Despite patients giving high approval ratings to hospitals, an analysis of patient-satisfaction data shows they feel facilities still fall short in basic quality issues, according to a study published in the New England Journal of Medicine.
Patients were satisfied they received high-quality clinical care in the four conditions measured: acute myocardial infarction, congestive heart failure, pneumonia and prevention of surgical complications. But when it came to managing pain, communicating about medications and coordinating discharges, hospitals are failing, according to Harvard School of Public Health researchers who analyzed the patient-satisfaction data collected by the federal government in its Hospital Consumer Assessment of Healthcare Providers and Systems, or HCAHPS, survey.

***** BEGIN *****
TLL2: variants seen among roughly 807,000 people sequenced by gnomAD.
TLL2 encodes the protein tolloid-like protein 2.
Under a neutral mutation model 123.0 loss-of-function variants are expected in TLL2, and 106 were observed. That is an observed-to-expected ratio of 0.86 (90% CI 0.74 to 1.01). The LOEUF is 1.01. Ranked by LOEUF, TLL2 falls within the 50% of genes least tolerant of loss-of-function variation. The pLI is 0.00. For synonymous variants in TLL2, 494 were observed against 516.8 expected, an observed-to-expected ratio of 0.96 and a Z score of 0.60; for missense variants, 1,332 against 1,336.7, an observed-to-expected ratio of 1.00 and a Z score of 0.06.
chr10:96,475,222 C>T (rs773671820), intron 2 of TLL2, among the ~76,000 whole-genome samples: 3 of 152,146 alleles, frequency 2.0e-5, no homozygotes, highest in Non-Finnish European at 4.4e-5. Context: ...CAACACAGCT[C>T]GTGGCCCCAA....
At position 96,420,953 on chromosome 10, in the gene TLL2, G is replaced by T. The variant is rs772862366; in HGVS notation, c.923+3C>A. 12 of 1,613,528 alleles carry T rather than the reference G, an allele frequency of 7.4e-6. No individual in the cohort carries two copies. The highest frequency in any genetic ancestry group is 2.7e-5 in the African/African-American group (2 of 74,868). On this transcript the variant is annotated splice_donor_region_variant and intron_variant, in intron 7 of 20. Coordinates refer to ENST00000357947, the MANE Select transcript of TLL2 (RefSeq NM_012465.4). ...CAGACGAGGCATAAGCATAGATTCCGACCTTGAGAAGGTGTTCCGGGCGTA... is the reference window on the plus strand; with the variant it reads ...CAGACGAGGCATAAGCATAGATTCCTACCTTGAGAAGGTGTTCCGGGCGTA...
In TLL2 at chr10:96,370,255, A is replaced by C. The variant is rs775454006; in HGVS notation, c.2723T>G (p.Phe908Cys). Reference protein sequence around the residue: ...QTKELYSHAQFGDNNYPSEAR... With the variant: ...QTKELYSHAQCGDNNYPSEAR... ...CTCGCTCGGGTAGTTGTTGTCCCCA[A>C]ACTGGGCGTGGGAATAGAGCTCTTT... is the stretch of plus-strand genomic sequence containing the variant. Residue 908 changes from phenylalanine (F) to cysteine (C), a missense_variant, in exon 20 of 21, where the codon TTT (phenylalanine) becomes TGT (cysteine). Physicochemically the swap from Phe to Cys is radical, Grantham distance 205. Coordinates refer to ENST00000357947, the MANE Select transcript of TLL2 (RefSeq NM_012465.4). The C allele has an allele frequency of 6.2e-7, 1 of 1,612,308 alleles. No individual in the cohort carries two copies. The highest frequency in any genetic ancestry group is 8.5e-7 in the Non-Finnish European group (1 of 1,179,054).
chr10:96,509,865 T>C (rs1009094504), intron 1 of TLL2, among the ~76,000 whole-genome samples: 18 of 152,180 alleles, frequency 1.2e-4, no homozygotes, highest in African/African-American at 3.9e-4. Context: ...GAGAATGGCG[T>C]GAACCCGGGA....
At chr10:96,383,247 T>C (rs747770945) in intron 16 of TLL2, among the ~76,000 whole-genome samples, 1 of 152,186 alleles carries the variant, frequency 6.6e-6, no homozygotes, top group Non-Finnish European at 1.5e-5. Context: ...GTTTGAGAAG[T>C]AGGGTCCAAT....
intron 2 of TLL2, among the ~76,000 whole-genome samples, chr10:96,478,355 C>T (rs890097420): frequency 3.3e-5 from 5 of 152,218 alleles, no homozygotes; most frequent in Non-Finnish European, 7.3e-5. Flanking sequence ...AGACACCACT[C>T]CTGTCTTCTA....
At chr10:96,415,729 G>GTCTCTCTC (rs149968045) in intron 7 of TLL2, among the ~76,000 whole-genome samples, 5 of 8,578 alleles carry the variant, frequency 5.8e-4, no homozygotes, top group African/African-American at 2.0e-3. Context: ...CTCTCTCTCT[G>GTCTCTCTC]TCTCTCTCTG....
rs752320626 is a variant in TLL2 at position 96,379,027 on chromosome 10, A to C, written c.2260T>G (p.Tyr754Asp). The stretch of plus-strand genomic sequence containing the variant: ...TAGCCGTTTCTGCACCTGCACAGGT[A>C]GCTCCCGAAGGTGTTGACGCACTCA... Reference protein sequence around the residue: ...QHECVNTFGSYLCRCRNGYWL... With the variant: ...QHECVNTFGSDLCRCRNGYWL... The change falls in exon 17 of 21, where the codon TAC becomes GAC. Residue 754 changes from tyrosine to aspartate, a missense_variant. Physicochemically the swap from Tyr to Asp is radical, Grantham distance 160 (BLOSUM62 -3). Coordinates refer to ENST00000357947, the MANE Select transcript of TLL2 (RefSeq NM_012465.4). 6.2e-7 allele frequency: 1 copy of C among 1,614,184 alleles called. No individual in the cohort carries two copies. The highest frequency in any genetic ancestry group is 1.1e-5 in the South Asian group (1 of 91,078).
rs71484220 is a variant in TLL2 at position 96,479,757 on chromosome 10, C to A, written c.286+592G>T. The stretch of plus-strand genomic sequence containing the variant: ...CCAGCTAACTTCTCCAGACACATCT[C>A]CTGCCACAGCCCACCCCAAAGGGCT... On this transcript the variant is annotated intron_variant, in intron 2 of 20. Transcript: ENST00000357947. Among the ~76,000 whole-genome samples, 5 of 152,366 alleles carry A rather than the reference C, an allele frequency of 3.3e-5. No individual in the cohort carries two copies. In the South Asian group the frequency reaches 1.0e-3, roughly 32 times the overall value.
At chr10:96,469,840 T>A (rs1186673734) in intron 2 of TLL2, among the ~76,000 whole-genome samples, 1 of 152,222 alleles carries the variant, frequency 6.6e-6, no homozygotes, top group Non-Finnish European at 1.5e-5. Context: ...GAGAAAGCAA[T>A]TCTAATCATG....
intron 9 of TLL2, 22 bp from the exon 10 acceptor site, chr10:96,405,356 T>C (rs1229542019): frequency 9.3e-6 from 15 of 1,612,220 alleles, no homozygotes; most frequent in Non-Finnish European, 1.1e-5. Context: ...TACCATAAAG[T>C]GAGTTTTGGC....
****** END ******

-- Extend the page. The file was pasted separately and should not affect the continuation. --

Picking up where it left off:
The Harvard researchers linked HCAHPS data to the American Hospital Associations annual survey that measures several factors including nurse-staffing levels, profit status and census region. The HCAHPS data reflect care delivered from July 2006 to June 2007, with 2,429 hospitals reporting patient-satisfaction data. The Commonwealth Fund sponsored the Harvard research for the study.
Hospitals that have more nurses at the bedside received better ratings from patients, the researchers said in the study. Based on the linked data from the AHA, the ratio of nurses to patient-days was a predictor of a hospitals performance in HCAHPS resultsthose hospitals likely had higher ratings on pain control, medication communication and discharge, as well, the researchers said. -- by Jean DerGurahian
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